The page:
In Depth

Iran and US: phantom allies in the war against IS

The two nations are far from being friends, but Iran’s bombing of IS points to ‘undeclared tolerance’

Columnist Robert Fox

Iranian F4 Phantom jets have been spotted bombing Islamic State positions in Diyala, eastern Iraq, over the past week – so much has been confirmed today by the US and the government of Qatar.

The US claims there has been no “coordination” between its forces and Iran – but it is inconceivable that the ancient but still capable Iranian fighter-bombers have not been operating without prior knowledge and tacit clearance by the local US command in the region. 

The arrival of the Iranian Phantoms in the battle with IS marks a new phase of a new relationship based on undeclared tolerance between Tehran and Washington. 

The phraseology of the official US military spokesman on operations over Iraq and Syria, Rear Admiral John Kirby, would make a Byzantine theologian blush. 

“We have indications that they did indeed fly air strikes with F4 Phantoms in the past several days,” he told journalists in the past few hours. “We are flying missions over Iraq; we coordinate with the Iraqi government as we conduct those.  It’s up to the Iraqi government to de-conflict that airspace.”

This is extreme tactical economy with the facts. The air traffic regime in Baghdad must be run under American tutelage, and possibly direct supervision. Secondly, American air and ground forces would have to calibrate their IFF equipment (Identification Friend or Foe) to avoid shooting down the Iranian planes. So the Americans must know, both in the region, and back at the NSA in Washington.

It helps that the Iranian F4 Phantoms were bought from America during the reign of the Shah. Old but still potent, they were inherited by the Ayatollah’s air force. They still have five squadrons of the fighter-bombers in service, according to the Military Balance published by the International Institute for Strategic Studies in London.

Another heirloom from the Shah’s regime is the nuclear programme. Implicit in his plan was the twin-track approach leading to both civil and military use. 

This is another area in which America's undeclared tolerance appears to be alive and well – especially after the decision to extend the deadline for a definitive settlement on Iran’s uranium enrichment programme and the future of the Iranian nuclear industry.

Once the deadline for settlement, set for 24 November at a summit in Vienna, could not be met, it was agreed to meet again next June to thrash the matter out again. This brought cries of protest about letting Iran off the hook by such diverse bedfellows as Israel, the hardline Republicans in Washington, and the conservative Arab states of the Gulf led by Saudi Arabia.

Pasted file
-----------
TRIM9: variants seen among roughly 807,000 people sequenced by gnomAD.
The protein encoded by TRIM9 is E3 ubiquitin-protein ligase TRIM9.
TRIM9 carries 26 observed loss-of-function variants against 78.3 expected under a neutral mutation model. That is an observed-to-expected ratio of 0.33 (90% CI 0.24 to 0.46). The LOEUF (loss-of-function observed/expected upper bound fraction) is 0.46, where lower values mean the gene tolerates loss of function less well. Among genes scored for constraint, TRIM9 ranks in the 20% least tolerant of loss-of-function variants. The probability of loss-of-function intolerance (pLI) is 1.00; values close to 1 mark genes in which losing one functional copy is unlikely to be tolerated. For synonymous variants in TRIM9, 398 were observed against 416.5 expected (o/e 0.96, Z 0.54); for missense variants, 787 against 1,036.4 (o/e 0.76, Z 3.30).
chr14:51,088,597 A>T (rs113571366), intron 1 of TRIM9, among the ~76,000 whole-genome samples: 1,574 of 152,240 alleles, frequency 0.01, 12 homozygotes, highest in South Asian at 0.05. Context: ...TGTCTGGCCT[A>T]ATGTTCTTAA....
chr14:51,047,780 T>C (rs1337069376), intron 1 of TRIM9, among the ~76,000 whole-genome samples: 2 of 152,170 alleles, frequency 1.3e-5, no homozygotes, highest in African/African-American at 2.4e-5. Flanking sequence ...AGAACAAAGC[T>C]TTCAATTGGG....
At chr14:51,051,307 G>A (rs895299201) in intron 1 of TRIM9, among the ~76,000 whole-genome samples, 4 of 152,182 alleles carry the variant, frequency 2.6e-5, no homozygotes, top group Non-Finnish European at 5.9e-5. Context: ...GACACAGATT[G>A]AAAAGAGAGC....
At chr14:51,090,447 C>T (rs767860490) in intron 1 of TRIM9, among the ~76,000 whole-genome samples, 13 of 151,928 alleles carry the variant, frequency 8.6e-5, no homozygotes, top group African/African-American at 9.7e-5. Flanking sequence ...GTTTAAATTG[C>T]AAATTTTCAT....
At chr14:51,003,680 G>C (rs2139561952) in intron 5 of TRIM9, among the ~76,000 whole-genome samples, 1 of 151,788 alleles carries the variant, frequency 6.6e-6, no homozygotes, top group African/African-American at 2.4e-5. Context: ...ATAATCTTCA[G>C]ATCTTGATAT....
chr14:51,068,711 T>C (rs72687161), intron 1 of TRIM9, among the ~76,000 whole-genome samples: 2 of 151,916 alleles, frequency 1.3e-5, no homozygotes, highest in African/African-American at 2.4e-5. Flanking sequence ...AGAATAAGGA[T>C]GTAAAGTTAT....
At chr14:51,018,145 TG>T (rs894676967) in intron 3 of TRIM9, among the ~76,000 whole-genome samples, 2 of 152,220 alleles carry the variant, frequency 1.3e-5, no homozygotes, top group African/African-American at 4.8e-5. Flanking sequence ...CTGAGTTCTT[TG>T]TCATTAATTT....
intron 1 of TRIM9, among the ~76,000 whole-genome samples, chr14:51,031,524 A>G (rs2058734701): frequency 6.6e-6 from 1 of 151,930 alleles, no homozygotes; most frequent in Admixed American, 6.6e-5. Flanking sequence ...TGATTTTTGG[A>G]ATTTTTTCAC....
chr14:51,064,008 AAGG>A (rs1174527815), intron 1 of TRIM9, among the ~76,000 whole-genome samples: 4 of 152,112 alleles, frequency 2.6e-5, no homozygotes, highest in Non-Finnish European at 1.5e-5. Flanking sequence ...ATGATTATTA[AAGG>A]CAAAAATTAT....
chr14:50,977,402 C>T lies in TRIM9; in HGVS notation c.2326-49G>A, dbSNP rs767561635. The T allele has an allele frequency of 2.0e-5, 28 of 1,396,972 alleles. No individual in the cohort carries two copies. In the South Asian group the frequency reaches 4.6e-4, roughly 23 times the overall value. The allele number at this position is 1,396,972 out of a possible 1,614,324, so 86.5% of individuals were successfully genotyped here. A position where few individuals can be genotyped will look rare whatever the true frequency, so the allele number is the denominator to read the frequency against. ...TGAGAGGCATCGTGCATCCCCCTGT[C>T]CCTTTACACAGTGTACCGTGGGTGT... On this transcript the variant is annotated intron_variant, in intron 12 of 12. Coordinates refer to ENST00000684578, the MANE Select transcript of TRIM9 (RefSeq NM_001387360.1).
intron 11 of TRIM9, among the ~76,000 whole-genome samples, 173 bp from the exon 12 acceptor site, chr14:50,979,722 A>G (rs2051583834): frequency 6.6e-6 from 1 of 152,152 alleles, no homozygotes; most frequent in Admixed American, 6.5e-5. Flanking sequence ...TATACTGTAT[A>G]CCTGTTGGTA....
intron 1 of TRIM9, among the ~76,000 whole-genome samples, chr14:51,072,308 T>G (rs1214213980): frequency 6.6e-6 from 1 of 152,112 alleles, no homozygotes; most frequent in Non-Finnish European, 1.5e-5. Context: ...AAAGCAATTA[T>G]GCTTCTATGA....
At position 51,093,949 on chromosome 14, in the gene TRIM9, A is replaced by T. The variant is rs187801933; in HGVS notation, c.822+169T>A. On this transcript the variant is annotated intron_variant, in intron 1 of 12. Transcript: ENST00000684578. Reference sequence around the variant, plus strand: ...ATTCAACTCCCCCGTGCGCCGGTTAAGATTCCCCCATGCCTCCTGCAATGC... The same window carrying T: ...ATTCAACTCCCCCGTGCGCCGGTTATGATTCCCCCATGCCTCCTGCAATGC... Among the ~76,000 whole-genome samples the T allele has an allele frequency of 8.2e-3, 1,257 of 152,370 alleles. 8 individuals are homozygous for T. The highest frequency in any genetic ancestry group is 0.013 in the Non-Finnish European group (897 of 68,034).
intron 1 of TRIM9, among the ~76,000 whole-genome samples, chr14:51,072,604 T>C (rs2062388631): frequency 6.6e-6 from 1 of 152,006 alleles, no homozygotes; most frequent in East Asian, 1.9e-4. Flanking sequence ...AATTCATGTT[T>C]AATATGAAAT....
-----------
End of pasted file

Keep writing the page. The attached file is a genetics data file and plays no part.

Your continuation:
But to agree to keep talking, and to agree not to fall out terminally at this stage, seems to suit the Obama administration and the regime of Ayatollah Khamenei just fine. 

It also speaks highly of the subtle diplomatic skills of John Kerry, President Hassan Rouhani and Foreign Minister Zarif of Iran. Despite their westernised cultured tones, the latter two make it plain that they are first and foremost loyal Iranian nationalists.

They are, however, about the best thing going for reasonable dialogue in the troubled waters of Gulf and Middle East diplomacy. While they cling to the belief in Iran’s right to develop nuclear power for civil use, they are desperate to break the past 35 years of Iran’s isolation and ease the burden of recent sanctions. And they are desperate to shift the increasing reserve of Iranian oil that cannot get on to the world market.

The unstated toleration of the Iranian Air Force joining in the air war against IS may also be Washington’s subtle warning to Arab countries like Saudi Arabia and Qatar, implacable opponents of Shia Iran.

Many in the coalition ranged against IS believe these two Arab states in particular have done too little to stem the flow of funds and young hotheads to the jihadi cause.

This is a dangerous game. Following the Stuxnet malware attack on the computers of Iran’s centrifuge farm at the Natanz nuclear facility in 2010 and 2011, it is believed now that the Iranians struck back with a virus attack on the Aramco oil giant in August 2012. Some 60 per cent of Aramco’s computer files were contaminated in the space of a night.

This week the New York Times reports that an Iranian hacking team codenamed ‘Cleaver’ has hit computers in dozens of companies, including six major oil and gas multinationals, across the Middle East in the past few weeks. This is the same team that successfully hacked the US Navy’s computers in 2012. 

So, America’s unstated tolerance can only go so far. As Rear Admiral John Kirby stressed in his briefing about Iran’s F4s, Iran has not been allowed to join formally the international coalition ranged against IS. “Nothing has changed about our policy of not coordinating military activity with the Iranians,” he stated. 

Unstated tolerance does not mean friendship – at least not yet.

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